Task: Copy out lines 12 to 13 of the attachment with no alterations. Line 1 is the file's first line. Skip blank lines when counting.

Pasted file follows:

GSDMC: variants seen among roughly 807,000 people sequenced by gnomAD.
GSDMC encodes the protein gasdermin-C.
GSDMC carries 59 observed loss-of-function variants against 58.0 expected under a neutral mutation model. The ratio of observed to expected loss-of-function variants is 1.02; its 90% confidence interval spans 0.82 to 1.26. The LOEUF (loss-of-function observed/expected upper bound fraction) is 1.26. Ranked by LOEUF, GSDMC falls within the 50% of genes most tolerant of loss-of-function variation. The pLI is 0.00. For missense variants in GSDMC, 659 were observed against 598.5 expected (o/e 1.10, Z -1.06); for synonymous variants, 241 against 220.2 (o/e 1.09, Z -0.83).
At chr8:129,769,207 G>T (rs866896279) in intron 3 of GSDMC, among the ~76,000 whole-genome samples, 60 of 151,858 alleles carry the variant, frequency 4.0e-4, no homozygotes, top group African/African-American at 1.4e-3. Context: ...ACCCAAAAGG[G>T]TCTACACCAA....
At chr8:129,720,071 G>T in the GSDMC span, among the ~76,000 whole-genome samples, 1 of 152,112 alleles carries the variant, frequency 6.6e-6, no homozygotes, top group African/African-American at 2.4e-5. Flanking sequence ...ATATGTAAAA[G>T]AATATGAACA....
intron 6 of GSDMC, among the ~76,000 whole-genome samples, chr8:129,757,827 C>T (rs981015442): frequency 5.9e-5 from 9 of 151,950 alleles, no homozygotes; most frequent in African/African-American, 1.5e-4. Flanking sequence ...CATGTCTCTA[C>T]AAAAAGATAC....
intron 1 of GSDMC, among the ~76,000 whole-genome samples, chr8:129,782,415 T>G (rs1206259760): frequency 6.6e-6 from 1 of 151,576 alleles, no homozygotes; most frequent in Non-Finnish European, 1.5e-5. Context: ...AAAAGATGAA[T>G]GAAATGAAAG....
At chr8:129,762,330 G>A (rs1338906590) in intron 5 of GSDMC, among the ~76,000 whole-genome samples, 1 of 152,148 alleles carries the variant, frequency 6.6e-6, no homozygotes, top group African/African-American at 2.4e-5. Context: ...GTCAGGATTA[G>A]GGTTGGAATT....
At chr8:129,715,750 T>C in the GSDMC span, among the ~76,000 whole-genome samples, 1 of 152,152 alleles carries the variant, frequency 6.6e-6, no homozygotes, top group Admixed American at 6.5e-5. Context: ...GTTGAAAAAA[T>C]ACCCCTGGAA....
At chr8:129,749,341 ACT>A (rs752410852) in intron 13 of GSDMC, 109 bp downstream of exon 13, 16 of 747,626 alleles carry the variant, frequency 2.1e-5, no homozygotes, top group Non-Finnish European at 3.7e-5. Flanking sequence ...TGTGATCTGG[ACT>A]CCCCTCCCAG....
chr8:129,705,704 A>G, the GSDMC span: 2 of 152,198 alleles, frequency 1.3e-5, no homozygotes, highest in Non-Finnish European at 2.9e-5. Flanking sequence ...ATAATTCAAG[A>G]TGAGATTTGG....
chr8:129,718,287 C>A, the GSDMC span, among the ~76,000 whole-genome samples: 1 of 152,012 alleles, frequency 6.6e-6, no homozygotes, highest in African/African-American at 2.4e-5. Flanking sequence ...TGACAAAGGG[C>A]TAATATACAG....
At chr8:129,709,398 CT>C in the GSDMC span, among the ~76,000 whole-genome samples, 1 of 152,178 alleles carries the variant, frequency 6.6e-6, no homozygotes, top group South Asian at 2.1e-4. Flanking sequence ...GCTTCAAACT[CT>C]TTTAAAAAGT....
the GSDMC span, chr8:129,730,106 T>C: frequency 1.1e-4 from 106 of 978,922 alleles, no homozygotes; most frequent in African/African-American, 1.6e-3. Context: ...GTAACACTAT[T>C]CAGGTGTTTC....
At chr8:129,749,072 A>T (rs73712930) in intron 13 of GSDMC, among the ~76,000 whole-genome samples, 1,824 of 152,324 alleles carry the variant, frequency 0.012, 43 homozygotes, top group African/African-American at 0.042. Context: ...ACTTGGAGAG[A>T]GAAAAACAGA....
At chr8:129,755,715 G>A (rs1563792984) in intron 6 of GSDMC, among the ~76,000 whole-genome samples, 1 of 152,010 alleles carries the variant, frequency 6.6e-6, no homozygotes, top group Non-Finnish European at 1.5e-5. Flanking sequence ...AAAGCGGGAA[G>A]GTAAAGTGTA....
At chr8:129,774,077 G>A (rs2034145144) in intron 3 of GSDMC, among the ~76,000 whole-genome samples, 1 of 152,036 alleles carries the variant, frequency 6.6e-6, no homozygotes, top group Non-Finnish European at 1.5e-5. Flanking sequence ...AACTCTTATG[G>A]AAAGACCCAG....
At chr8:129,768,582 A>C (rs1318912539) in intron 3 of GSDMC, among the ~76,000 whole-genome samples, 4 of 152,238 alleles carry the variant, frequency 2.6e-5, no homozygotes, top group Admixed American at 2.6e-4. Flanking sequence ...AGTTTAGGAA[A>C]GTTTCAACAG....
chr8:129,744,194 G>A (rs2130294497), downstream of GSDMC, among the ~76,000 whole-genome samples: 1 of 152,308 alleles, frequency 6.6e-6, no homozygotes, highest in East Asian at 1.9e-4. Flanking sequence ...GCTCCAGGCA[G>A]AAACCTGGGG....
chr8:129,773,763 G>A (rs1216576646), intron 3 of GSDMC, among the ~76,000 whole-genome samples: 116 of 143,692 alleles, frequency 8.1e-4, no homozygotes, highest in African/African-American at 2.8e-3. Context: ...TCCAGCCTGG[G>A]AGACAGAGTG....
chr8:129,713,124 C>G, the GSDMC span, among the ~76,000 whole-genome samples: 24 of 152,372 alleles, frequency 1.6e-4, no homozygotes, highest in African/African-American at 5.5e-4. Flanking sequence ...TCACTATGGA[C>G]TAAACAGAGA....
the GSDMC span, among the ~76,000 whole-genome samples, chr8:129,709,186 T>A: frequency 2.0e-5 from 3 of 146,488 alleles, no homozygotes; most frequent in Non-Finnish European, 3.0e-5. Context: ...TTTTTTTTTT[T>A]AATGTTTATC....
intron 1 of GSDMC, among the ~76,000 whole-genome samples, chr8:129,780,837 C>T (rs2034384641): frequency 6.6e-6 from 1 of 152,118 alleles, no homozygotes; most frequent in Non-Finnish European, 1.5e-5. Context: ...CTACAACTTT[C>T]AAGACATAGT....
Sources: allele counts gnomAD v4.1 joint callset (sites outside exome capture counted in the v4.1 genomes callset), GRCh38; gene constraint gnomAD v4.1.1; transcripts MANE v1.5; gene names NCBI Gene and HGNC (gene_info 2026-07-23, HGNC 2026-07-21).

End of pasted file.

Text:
chr8:129,718,287 C>A, the GSDMC span, among the ~76,000 whole-genome samples: 1 of 152,012 alleles, frequency 6.6e-6, no homozygotes, highest in African/African-American at 2.4e-5. Flanking sequence ...TGACAAAGGG[C>A]TAATATACAG....
At chr8:129,709,398 CT>C in the GSDMC span, among the ~76,000 whole-genome samples, 1 of 152,178 alleles carries the variant, frequency 6.6e-6, no homozygotes, top group South Asian at 2.1e-4. Flanking sequence ...GCTTCAAACT[CT>C]TTTAAAAAGT....